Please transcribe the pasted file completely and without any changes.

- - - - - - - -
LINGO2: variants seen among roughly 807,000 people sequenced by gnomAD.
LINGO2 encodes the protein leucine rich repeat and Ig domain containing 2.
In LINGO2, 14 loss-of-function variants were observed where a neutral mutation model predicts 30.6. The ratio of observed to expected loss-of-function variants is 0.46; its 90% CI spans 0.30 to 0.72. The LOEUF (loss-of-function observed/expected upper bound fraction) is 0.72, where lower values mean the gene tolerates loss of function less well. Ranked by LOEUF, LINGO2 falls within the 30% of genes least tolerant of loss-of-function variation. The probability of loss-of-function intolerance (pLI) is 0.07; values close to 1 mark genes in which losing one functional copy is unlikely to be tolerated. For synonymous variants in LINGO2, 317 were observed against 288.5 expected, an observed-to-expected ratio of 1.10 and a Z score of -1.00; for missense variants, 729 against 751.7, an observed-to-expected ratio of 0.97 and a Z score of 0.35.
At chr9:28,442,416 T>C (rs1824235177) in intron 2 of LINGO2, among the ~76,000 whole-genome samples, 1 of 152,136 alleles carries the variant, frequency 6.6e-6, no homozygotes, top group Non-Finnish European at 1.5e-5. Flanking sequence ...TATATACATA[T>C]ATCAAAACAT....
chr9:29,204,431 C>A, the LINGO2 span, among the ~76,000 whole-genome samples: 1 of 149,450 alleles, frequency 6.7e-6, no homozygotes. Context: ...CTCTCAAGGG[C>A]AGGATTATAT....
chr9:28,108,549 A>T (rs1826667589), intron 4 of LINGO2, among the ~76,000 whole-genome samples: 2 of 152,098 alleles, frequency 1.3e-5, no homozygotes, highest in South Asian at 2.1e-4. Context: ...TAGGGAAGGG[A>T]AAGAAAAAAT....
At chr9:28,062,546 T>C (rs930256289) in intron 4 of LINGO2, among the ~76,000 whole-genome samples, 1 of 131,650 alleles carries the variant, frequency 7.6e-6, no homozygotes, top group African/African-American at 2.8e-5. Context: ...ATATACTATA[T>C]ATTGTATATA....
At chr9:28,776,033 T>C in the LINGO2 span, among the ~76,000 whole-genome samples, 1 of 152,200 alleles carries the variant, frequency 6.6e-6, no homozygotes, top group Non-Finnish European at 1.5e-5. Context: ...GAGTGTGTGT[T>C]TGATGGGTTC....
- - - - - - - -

LINGO2: variants seen among roughly 807,000 people sequenced by gnomAD.
LINGO2 encodes the protein leucine rich repeat and Ig domain containing 2.
In LINGO2, 14 loss-of-function variants were observed where a neutral mutation model predicts 30.6. The ratio of observed to expected loss-of-function variants is 0.46; its 90% CI spans 0.30 to 0.72. The LOEUF (loss-of-function observed/expected upper bound fraction) is 0.72, where lower values mean the gene tolerates loss of function less well. Ranked by LOEUF, LINGO2 falls within the 30% of genes least tolerant of loss-of-function variation. The probability of loss-of-function intolerance (pLI) is 0.07; values close to 1 mark genes in which losing one functional copy is unlikely to be tolerated. For synonymous variants in LINGO2, 317 were observed against 288.5 expected, an observed-to-expected ratio of 1.10 and a Z score of -1.00; for missense variants, 729 against 751.7, an observed-to-expected ratio of 0.97 and a Z score of 0.35.
At chr9:28,442,416 T>C (rs1824235177) in intron 2 of LINGO2, among the ~76,000 whole-genome samples, 1 of 152,136 alleles carries the variant, frequency 6.6e-6, no homozygotes, top group Non-Finnish European at 1.5e-5. Flanking sequence ...TATATACATA[T>C]ATCAAAACAT....
chr9:29,204,431 C>A, the LINGO2 span, among the ~76,000 whole-genome samples: 1 of 149,450 alleles, frequency 6.7e-6, no homozygotes. Context: ...CTCTCAAGGG[C>A]AGGATTATAT....
chr9:28,108,549 A>T (rs1826667589), intron 4 of LINGO2, among the ~76,000 whole-genome samples: 2 of 152,098 alleles, frequency 1.3e-5, no homozygotes, highest in South Asian at 2.1e-4. Context: ...TAGGGAAGGG[A>T]AAGAAAAAAT....
At chr9:28,062,546 T>C (rs930256289) in intron 4 of LINGO2, among the ~76,000 whole-genome samples, 1 of 131,650 alleles carries the variant, frequency 7.6e-6, no homozygotes, top group African/African-American at 2.8e-5. Context: ...ATATACTATA[T>C]ATTGTATATA....
At chr9:28,776,033 T>C in the LINGO2 span, among the ~76,000 whole-genome samples, 1 of 152,200 alleles carries the variant, frequency 6.6e-6, no homozygotes, top group Non-Finnish European at 1.5e-5. Context: ...GAGTGTGTGT[T>C]TGATGGGTTC....